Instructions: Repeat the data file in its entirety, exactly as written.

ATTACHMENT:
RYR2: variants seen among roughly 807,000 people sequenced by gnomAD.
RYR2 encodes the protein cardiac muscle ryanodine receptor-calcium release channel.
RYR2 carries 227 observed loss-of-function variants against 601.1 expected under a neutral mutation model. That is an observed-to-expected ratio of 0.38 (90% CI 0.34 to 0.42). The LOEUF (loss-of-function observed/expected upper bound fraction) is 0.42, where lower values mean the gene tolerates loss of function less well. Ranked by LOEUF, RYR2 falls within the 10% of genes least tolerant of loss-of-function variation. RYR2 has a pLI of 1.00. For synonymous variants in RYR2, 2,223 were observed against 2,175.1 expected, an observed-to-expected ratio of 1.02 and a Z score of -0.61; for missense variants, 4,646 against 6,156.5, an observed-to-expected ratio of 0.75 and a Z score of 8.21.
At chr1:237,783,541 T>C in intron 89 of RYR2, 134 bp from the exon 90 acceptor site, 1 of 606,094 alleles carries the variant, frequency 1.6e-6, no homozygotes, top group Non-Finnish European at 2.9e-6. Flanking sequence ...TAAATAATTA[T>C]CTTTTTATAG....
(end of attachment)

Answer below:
RYR2: variants seen among roughly 807,000 people sequenced by gnomAD.
RYR2 encodes the protein cardiac muscle ryanodine receptor-calcium release channel.
RYR2 carries 227 observed loss-of-function variants against 601.1 expected under a neutral mutation model. That is an observed-to-expected ratio of 0.38 (90% CI 0.34 to 0.42). The LOEUF (loss-of-function observed/expected upper bound fraction) is 0.42, where lower values mean the gene tolerates loss of function less well. Ranked by LOEUF, RYR2 falls within the 10% of genes least tolerant of loss-of-function variation. RYR2 has a pLI of 1.00. For synonymous variants in RYR2, 2,223 were observed against 2,175.1 expected, an observed-to-expected ratio of 1.02 and a Z score of -0.61; for missense variants, 4,646 against 6,156.5, an observed-to-expected ratio of 0.75 and a Z score of 8.21.
At chr1:237,783,541 T>C in intron 89 of RYR2, 134 bp from the exon 90 acceptor site, 1 of 606,094 alleles carries the variant, frequency 1.6e-6, no homozygotes, top group Non-Finnish European at 2.9e-6. Flanking sequence ...TAAATAATTA[T>C]CTTTTTATAG....